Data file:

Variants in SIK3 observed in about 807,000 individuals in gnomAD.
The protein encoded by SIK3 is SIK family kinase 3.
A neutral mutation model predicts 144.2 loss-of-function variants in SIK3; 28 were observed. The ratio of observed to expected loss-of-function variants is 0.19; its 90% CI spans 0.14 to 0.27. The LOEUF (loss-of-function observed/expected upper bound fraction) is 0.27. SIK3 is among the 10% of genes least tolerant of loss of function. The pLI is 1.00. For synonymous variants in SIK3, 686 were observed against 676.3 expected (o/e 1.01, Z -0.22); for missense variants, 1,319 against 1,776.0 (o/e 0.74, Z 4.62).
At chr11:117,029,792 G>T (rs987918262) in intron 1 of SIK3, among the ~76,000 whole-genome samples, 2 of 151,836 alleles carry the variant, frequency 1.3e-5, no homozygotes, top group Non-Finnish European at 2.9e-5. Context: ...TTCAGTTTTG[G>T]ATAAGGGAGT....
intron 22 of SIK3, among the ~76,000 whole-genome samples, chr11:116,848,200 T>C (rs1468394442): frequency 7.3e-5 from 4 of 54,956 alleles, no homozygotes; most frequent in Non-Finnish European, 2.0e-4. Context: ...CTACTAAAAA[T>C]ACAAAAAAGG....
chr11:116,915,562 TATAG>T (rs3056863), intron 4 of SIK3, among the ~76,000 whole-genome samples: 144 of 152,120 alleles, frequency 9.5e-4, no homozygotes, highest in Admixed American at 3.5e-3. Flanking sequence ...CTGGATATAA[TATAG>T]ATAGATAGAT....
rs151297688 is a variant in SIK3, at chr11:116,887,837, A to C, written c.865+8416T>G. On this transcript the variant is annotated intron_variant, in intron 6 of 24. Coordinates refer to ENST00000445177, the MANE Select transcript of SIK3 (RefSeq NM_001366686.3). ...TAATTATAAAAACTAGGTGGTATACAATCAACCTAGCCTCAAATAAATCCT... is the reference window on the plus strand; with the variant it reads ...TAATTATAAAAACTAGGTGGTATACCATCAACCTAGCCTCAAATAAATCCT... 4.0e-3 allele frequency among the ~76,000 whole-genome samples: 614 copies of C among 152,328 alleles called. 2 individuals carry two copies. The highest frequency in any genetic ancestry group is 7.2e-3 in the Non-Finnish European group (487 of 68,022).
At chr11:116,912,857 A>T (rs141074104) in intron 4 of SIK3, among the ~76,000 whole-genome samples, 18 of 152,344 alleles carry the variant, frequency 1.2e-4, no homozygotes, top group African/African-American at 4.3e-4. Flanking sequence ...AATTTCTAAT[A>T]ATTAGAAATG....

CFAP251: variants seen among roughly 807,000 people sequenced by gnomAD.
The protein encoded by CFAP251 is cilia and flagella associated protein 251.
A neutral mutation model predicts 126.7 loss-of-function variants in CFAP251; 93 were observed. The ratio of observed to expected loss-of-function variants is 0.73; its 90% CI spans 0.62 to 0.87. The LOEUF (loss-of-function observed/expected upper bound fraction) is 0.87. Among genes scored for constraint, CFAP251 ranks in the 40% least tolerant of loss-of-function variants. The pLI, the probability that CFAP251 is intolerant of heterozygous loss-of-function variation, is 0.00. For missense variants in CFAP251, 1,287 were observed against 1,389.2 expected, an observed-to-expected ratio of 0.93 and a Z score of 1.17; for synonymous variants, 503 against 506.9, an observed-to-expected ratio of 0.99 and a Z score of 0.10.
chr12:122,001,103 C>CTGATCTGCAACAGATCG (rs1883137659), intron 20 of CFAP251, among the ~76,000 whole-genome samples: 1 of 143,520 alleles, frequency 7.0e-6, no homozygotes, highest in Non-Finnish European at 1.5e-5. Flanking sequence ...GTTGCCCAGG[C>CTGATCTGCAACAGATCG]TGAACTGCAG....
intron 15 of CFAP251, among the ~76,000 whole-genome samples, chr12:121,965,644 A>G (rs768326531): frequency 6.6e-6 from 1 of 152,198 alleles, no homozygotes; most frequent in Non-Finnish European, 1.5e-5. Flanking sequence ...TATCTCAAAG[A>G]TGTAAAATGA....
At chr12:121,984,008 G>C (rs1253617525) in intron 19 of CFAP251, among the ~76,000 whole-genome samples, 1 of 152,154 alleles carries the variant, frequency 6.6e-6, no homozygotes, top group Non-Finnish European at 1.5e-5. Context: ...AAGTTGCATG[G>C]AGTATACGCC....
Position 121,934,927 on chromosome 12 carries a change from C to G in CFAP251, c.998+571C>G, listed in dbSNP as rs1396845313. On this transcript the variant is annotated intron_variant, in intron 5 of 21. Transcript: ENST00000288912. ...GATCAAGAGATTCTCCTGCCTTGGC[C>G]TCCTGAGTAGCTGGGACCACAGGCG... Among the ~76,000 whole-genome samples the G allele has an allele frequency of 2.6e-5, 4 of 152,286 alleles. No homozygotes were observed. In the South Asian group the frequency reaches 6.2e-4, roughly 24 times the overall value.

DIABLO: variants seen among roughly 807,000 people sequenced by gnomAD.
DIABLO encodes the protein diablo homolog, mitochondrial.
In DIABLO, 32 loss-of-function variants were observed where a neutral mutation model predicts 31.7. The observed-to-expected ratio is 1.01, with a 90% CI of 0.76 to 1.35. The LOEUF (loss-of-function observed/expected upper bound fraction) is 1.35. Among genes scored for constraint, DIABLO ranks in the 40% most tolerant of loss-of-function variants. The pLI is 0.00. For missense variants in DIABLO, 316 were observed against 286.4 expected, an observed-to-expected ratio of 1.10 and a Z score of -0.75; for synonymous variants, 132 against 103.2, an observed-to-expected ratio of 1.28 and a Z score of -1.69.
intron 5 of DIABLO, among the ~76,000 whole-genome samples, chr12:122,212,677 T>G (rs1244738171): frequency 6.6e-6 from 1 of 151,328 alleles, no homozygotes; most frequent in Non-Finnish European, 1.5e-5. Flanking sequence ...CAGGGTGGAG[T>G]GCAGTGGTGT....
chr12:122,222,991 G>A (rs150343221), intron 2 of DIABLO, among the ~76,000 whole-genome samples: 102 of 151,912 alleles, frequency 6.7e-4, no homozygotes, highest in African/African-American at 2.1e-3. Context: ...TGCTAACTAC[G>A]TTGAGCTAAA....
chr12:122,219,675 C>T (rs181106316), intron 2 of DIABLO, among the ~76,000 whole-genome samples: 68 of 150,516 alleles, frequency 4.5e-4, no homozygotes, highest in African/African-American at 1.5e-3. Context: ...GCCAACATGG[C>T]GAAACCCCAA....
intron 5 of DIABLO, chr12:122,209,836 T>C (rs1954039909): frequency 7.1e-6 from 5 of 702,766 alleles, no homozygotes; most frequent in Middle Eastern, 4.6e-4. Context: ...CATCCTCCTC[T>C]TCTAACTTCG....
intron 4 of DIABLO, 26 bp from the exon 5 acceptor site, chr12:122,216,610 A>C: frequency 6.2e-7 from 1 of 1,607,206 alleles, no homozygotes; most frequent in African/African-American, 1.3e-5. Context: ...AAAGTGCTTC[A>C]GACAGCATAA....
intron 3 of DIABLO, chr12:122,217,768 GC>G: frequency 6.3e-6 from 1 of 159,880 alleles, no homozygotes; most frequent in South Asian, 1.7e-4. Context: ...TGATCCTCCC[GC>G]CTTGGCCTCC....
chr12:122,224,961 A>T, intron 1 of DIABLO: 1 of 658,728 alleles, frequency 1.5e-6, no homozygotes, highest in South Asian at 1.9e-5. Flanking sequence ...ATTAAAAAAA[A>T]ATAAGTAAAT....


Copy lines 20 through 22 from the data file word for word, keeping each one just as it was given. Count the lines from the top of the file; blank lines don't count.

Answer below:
chr12:122,222,991 G>A (rs150343221), intron 2 of DIABLO, among the ~76,000 whole-genome samples: 102 of 151,912 alleles, frequency 6.7e-4, no homozygotes, highest in African/African-American at 2.1e-3. Context: ...TGCTAACTAC[G>A]TTGAGCTAAA....
chr12:122,219,675 C>T (rs181106316), intron 2 of DIABLO, among the ~76,000 whole-genome samples: 68 of 150,516 alleles, frequency 4.5e-4, no homozygotes, highest in African/African-American at 1.5e-3. Context: ...GCCAACATGG[C>T]GAAACCCCAA....
intron 5 of DIABLO, chr12:122,209,836 T>C (rs1954039909): frequency 7.1e-6 from 5 of 702,766 alleles, no homozygotes; most frequent in Middle Eastern, 4.6e-4. Context: ...CATCCTCCTC[T>C]TCTAACTTCG....